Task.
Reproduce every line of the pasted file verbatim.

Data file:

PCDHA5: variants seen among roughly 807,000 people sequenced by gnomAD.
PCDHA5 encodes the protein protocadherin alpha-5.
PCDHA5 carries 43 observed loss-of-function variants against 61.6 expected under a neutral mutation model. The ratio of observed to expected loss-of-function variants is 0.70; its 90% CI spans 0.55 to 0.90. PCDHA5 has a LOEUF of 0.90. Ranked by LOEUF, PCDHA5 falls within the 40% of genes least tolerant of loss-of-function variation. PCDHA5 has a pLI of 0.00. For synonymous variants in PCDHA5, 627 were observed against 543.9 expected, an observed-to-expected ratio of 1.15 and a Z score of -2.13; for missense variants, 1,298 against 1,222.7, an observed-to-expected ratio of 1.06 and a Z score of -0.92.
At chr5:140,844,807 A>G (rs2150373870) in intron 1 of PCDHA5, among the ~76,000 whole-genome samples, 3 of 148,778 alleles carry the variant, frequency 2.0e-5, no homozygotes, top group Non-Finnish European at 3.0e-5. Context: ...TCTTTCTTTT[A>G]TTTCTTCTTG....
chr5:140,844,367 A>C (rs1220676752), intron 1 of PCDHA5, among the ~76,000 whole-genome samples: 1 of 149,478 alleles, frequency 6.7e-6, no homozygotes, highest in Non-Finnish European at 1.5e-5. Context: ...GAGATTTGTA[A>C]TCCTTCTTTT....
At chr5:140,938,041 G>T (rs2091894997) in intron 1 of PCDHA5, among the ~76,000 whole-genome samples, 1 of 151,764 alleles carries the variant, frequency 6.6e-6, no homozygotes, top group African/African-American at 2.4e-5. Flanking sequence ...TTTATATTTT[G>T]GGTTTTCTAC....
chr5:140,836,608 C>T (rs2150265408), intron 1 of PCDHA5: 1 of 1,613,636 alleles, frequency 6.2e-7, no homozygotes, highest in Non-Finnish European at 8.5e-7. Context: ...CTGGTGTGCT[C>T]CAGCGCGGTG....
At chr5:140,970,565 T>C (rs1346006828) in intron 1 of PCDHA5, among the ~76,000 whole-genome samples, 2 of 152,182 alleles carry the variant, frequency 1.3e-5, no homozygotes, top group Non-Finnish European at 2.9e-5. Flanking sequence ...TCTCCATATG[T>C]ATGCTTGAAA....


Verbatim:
PCDHA5: variants seen among roughly 807,000 people sequenced by gnomAD.
PCDHA5 encodes the protein protocadherin alpha-5.
PCDHA5 carries 43 observed loss-of-function variants against 61.6 expected under a neutral mutation model. The ratio of observed to expected loss-of-function variants is 0.70; its 90% CI spans 0.55 to 0.90. PCDHA5 has a LOEUF of 0.90. Ranked by LOEUF, PCDHA5 falls within the 40% of genes least tolerant of loss-of-function variation. PCDHA5 has a pLI of 0.00. For synonymous variants in PCDHA5, 627 were observed against 543.9 expected, an observed-to-expected ratio of 1.15 and a Z score of -2.13; for missense variants, 1,298 against 1,222.7, an observed-to-expected ratio of 1.06 and a Z score of -0.92.
At chr5:140,844,807 A>G (rs2150373870) in intron 1 of PCDHA5, among the ~76,000 whole-genome samples, 3 of 148,778 alleles carry the variant, frequency 2.0e-5, no homozygotes, top group Non-Finnish European at 3.0e-5. Context: ...TCTTTCTTTT[A>G]TTTCTTCTTG....
chr5:140,844,367 A>C (rs1220676752), intron 1 of PCDHA5, among the ~76,000 whole-genome samples: 1 of 149,478 alleles, frequency 6.7e-6, no homozygotes, highest in Non-Finnish European at 1.5e-5. Context: ...GAGATTTGTA[A>C]TCCTTCTTTT....
At chr5:140,938,041 G>T (rs2091894997) in intron 1 of PCDHA5, among the ~76,000 whole-genome samples, 1 of 151,764 alleles carries the variant, frequency 6.6e-6, no homozygotes, top group African/African-American at 2.4e-5. Flanking sequence ...TTTATATTTT[G>T]GGTTTTCTAC....
chr5:140,836,608 C>T (rs2150265408), intron 1 of PCDHA5: 1 of 1,613,636 alleles, frequency 6.2e-7, no homozygotes, highest in Non-Finnish European at 8.5e-7. Context: ...CTGGTGTGCT[C>T]CAGCGCGGTG....
At chr5:140,970,565 T>C (rs1346006828) in intron 1 of PCDHA5, among the ~76,000 whole-genome samples, 2 of 152,182 alleles carry the variant, frequency 1.3e-5, no homozygotes, top group Non-Finnish European at 2.9e-5. Flanking sequence ...TCTCCATATG[T>C]ATGCTTGAAA....